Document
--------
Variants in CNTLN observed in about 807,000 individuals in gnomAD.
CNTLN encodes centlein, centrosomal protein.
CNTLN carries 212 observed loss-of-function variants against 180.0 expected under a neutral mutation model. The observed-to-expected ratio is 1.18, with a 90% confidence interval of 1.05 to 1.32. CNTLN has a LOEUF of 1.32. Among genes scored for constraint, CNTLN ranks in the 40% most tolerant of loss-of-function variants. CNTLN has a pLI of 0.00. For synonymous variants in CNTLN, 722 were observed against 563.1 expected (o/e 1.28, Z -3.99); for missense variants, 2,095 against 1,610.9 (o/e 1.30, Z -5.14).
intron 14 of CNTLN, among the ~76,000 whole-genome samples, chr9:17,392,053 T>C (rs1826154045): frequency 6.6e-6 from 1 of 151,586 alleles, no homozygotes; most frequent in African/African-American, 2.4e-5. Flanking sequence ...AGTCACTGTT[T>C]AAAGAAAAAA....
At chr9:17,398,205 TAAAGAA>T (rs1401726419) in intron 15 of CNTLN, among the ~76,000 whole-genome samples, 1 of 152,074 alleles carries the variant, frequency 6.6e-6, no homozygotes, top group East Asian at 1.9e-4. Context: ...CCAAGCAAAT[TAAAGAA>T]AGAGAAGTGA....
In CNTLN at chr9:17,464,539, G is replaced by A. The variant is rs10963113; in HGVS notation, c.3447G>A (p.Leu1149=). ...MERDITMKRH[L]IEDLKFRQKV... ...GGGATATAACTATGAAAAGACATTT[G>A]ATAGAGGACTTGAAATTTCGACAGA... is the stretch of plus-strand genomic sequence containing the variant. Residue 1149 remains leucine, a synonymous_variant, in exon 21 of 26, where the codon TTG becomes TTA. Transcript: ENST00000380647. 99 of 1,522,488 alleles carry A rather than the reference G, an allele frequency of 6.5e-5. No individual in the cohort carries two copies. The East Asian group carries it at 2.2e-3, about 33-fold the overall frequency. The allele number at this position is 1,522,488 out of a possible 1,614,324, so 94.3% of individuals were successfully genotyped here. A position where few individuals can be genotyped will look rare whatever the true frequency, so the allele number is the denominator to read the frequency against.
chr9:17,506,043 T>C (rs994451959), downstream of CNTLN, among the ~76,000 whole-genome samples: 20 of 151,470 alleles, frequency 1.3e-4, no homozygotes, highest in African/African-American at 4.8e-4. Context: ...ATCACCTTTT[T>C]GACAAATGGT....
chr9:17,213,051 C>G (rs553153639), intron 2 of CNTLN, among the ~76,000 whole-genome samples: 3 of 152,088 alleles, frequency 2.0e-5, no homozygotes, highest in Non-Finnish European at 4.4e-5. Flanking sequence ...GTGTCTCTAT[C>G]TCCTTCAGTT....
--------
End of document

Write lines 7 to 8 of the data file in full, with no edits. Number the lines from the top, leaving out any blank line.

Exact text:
chr9:17,506,043 T>C (rs994451959), downstream of CNTLN, among the ~76,000 whole-genome samples: 20 of 151,470 alleles, frequency 1.3e-4, no homozygotes, highest in African/African-American at 4.8e-4. Context: ...ATCACCTTTT[T>C]GACAAATGGT....
chr9:17,213,051 C>G (rs553153639), intron 2 of CNTLN, among the ~76,000 whole-genome samples: 3 of 152,088 alleles, frequency 2.0e-5, no homozygotes, highest in Non-Finnish European at 4.4e-5. Flanking sequence ...GTGTCTCTAT[C>G]TCCTTCAGTT....